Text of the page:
Sure, we settled by the ocean, but with a child’s obstinance, I deemed myself a "mountain person." Even later, as I explored new and exciting foreign cities, there remained something untouchable about the small mining town. Of course, as I grew older, I came to understand that a pair of rose-colored glasses had settled firmly on my nose, a realization reinforced by the way Breckenridge was discussed by others in conversation: as a ski resort, and little more. I wanted to explain how beautiful and pure it was there, but held my tongue, thinking that I sounded a bit silly.
Worlds away from the kitschy tourist zone of Waikiki and the rural surf paradise of the North Shore, Honolulu’s Chinatown has recently become the center of the city’s arts community—bringing with it the requisite cafes, music venues and even a whiff of the cool kid aura that permeates other bohemian enclaves in the rest of the country. Of course, you won’t be mistaking the neighborhood for Williamsburg, Brooklyn or the Mission District in San Francisco anytime soon—and that’s a good thing. Like many things in Hawaii, the area is a unique blend of local Asian-American and immigrant cultures, with a dash of edge mixed in (it was formerly the city’s red light district) and its downtown location gives it just the right amount of urban grit, albeit with palm trees and 80-degree tropical weather.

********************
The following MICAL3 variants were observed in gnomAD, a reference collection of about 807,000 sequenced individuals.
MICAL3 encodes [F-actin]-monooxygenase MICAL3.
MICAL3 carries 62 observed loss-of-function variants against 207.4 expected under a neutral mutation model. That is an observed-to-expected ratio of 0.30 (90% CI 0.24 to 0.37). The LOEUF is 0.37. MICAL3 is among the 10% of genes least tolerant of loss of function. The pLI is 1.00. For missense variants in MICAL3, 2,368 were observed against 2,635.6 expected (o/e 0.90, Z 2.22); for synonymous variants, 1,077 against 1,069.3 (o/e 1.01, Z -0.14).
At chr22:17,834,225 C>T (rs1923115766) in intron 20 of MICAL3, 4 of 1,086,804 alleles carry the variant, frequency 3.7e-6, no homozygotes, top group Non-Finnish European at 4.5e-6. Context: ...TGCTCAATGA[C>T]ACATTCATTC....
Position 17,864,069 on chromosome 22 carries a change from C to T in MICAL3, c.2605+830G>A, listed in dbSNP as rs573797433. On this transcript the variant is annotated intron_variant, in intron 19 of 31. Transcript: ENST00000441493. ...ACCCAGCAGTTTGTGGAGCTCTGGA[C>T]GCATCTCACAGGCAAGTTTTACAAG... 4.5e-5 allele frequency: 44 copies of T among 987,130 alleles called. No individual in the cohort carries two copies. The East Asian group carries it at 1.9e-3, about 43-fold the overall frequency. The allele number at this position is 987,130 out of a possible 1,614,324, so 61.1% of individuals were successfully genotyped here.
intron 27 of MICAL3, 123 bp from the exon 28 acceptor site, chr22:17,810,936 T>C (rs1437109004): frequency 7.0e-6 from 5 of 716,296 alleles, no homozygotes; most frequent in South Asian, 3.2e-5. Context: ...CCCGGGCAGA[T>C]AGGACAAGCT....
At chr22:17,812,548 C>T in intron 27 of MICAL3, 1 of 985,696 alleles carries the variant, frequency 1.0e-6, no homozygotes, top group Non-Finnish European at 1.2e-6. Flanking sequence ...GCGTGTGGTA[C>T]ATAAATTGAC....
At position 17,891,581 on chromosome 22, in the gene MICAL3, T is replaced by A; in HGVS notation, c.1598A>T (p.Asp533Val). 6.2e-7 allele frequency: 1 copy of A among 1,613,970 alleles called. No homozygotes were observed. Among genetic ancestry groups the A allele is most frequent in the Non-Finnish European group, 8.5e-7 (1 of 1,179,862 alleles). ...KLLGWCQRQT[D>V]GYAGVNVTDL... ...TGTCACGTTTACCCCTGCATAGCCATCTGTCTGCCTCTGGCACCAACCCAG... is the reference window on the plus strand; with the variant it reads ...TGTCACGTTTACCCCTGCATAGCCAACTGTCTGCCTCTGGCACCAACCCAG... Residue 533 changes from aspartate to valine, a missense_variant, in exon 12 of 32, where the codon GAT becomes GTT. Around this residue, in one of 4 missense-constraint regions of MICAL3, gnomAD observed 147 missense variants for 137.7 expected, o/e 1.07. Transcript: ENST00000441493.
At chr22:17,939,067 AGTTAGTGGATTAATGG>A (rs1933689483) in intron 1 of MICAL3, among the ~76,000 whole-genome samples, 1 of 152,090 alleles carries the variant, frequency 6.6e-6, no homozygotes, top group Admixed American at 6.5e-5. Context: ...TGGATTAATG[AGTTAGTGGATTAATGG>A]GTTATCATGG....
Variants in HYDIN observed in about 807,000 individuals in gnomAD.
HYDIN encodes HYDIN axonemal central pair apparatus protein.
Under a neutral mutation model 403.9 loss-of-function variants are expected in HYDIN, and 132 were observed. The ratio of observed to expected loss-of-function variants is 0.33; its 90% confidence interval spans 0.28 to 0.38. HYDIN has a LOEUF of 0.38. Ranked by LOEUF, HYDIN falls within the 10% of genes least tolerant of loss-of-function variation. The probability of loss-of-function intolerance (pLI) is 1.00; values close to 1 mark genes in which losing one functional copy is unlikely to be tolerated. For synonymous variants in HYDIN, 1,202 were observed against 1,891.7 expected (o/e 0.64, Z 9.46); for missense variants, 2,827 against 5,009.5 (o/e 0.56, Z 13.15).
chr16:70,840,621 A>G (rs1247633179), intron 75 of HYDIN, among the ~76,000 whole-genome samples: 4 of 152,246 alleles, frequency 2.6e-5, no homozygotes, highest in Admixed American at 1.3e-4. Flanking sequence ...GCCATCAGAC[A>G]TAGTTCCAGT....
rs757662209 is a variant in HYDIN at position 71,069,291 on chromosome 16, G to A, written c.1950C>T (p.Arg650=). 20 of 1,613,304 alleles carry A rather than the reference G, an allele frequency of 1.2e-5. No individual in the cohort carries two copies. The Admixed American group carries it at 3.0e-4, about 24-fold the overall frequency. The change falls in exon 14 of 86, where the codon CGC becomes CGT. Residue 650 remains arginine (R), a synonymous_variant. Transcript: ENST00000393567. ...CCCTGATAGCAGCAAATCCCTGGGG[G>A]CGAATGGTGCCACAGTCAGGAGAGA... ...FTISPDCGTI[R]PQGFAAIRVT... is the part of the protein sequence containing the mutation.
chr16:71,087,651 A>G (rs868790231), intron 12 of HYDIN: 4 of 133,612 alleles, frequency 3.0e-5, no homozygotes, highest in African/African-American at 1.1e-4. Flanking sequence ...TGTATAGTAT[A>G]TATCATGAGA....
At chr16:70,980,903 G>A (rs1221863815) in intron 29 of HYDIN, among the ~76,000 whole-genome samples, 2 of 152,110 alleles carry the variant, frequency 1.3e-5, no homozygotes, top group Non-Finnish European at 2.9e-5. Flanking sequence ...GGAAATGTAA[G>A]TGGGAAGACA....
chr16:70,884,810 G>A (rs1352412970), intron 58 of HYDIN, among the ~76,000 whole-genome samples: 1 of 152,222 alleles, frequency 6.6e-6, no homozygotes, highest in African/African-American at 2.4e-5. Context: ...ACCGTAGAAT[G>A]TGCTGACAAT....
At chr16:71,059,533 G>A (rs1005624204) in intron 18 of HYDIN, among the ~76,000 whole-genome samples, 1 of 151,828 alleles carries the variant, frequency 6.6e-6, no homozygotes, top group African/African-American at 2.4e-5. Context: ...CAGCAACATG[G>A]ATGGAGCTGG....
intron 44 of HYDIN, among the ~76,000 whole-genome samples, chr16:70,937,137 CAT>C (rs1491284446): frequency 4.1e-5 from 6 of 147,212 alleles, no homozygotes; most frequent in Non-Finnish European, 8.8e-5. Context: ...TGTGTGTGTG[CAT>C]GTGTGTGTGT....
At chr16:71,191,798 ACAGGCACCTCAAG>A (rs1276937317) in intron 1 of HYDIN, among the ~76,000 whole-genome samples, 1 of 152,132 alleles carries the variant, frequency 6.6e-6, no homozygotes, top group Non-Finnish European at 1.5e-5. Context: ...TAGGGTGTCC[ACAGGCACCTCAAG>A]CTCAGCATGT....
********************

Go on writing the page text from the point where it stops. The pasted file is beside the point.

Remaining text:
Here are a just a few places (both new and established) that are worth a visit:
I'm in Berlin for the annual ITB travel fair, and last night had one of those magical moments that sometime happen when we travel, a foruitous experience that can't be planned, only enjoyed. Kismet.